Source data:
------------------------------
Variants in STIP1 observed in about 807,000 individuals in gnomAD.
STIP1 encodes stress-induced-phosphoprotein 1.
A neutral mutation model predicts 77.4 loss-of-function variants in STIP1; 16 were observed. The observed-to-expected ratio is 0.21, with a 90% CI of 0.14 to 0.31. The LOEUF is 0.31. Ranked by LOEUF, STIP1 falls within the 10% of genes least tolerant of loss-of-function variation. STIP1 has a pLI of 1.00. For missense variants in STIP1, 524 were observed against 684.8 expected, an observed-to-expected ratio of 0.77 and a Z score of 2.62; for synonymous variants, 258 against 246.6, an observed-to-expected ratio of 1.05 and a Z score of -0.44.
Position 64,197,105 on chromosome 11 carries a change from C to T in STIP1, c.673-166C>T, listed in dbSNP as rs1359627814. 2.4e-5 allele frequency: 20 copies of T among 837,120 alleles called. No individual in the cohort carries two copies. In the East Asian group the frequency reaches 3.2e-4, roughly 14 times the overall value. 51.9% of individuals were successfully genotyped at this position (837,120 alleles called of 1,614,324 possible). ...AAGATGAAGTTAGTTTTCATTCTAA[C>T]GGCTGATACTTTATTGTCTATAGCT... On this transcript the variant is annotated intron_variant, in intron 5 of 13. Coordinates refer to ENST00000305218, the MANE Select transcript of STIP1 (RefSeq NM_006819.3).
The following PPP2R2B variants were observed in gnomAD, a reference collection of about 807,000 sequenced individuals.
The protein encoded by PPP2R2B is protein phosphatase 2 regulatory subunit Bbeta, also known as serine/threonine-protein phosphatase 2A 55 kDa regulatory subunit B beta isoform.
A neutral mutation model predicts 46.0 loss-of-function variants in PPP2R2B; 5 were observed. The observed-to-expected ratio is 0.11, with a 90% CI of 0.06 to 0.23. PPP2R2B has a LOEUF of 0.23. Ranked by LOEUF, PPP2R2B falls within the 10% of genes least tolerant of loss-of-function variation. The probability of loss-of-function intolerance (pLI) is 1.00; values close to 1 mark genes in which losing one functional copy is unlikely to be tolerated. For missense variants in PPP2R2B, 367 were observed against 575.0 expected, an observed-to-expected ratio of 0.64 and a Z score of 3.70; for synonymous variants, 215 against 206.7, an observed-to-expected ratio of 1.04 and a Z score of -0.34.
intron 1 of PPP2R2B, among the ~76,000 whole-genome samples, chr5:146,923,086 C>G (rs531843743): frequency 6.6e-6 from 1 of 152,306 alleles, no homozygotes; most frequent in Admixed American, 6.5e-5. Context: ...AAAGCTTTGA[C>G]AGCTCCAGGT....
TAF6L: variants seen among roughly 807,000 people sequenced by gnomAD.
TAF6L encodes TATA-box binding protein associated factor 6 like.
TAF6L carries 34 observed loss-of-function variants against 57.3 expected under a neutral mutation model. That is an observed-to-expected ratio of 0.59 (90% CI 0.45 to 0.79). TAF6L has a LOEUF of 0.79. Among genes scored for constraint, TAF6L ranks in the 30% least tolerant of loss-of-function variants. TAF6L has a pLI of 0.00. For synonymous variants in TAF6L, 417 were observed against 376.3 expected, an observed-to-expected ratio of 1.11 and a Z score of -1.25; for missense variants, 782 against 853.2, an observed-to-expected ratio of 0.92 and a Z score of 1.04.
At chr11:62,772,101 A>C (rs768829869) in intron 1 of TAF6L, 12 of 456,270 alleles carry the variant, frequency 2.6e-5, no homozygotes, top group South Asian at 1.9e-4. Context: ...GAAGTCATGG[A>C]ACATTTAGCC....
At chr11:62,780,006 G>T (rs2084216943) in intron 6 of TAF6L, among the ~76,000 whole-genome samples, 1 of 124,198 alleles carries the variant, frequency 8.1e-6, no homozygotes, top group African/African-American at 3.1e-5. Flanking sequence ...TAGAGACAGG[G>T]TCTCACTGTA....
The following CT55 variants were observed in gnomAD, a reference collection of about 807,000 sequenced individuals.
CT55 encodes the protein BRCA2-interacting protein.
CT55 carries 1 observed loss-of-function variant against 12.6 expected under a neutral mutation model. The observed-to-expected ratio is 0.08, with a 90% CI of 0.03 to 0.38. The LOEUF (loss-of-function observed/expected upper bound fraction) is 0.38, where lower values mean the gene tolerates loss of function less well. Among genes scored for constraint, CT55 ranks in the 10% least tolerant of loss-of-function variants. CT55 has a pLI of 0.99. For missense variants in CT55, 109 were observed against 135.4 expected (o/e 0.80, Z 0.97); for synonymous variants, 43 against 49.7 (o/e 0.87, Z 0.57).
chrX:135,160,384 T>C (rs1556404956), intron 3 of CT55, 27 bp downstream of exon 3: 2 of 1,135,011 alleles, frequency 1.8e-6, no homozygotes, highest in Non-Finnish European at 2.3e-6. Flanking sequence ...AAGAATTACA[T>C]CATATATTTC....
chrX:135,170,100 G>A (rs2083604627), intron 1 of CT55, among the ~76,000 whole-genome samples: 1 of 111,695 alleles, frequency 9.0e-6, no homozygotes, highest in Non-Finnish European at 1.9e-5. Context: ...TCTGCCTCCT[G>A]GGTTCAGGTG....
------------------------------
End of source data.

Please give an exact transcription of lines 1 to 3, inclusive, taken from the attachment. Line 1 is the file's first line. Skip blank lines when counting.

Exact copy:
Variants in STIP1 observed in about 807,000 individuals in gnomAD.
STIP1 encodes stress-induced-phosphoprotein 1.
A neutral mutation model predicts 77.4 loss-of-function variants in STIP1; 16 were observed. The observed-to-expected ratio is 0.21, with a 90% CI of 0.14 to 0.31. The LOEUF is 0.31. Ranked by LOEUF, STIP1 falls within the 10% of genes least tolerant of loss-of-function variation. STIP1 has a pLI of 1.00. For missense variants in STIP1, 524 were observed against 684.8 expected, an observed-to-expected ratio of 0.77 and a Z score of 2.62; for synonymous variants, 258 against 246.6, an observed-to-expected ratio of 1.05 and a Z score of -0.44.